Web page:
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Title: Aluminum-26 Enrichment in the Surface of Protostellar Disks Due to Protostellar Cosmic Rays
Authors:
; ; ;
Award ID(s):
1748571
Publication Date:
NSF-PAR ID:
10180384
Journal Name:
The Astrophysical Journal
Volume:
898
Issue:
1
Page Range or eLocation-ID:
79
ISSN:
1538-4357
Sponsoring Org:
National Science Foundation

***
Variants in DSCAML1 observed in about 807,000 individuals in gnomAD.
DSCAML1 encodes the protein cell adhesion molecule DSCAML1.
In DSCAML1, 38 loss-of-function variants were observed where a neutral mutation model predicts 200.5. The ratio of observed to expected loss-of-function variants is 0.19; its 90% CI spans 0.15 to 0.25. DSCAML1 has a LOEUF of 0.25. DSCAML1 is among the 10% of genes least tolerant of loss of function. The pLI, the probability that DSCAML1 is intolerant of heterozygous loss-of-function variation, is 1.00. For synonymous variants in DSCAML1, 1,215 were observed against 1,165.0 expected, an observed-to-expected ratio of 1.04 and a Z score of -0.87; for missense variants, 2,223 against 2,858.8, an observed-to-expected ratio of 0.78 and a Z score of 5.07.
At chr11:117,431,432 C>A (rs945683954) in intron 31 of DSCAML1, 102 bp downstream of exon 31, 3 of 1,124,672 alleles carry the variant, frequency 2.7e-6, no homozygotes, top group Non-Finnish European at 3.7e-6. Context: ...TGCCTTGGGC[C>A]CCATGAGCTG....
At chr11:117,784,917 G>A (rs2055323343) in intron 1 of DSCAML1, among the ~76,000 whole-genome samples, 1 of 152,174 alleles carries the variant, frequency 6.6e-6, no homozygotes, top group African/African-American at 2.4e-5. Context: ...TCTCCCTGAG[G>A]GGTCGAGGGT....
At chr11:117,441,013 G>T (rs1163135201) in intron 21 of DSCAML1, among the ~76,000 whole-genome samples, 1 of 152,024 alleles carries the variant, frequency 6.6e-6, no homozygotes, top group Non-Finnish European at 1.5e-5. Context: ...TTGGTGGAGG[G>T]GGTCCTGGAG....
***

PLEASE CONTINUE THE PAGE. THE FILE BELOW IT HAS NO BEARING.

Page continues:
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  1. Context. The degree of coupling between the gas and the magnetic field during the collapse of a core and the subsequent formation of a disk depends on the assumed dust size distribution. Aims. We study the impact of grain–grain coagulation on the evolution of magnetohydrodynamic (MHD) resistivities during the collapse of a prestellar core. Methods. We use a 1D model to follow the evolution of the dust size distribution, out-of-equilibrium ionisation state, and gas chemistry during the collapse of a prestellar core. To compute the grain–grain collisional rate, we consider models for both random and systematic, size-dependent, velocities. We include grain growth through grain–grain coagulation and ice accretion, but ignore grain fragmentation. Results. Starting with a Mathis-Rumpl-Nordsieck (MRN) size distribution (Mathis et al. 1977, ApJ, 217, 425), we find that coagulation in grain–grain collisions generated by hydrodynamical turbulence is not efficient at removing the smallest grains and, as a consequence, does not have a large effect on the evolution of the Hall and ambipolar diffusion MHD resistivities, which still drop significantly during the collapse like in models without coagulation. The inclusion of systematic velocities, possibly induced by the presence of ambipolar diffusion, increases the coagulation rate between small and largemore »grains, removing small grains earlier in the collapse and therefore limiting the drop in the Hall and ambipolar diffusion resistivities. At intermediate densities ( n H ~ 10 8 cm −3 ), the Hall and ambipolar diffusion resistivities are found to be higher by 1 to 2 orders of magnitude in models with coagulation than in models where coagulation is ignored, and also higher than in a toy model without coagulation where all grains smaller than 0.1 μ m would have been removed in the parent cloud before the collapse. Conclusions. When grain drift velocities induced by ambipolar diffusion are included, dust coagulation happening during the collapse of a prestellar core starting from an initial MRN dust size distribution appears to be efficient enough to increase the MHD resistivities to the values necessary to strongly modify the magnetically regulated formation of a planet-forming disk. A consistent treatment of the competition between fragmentation and coagulation is, however, necessary before reaching firm conclusions.« less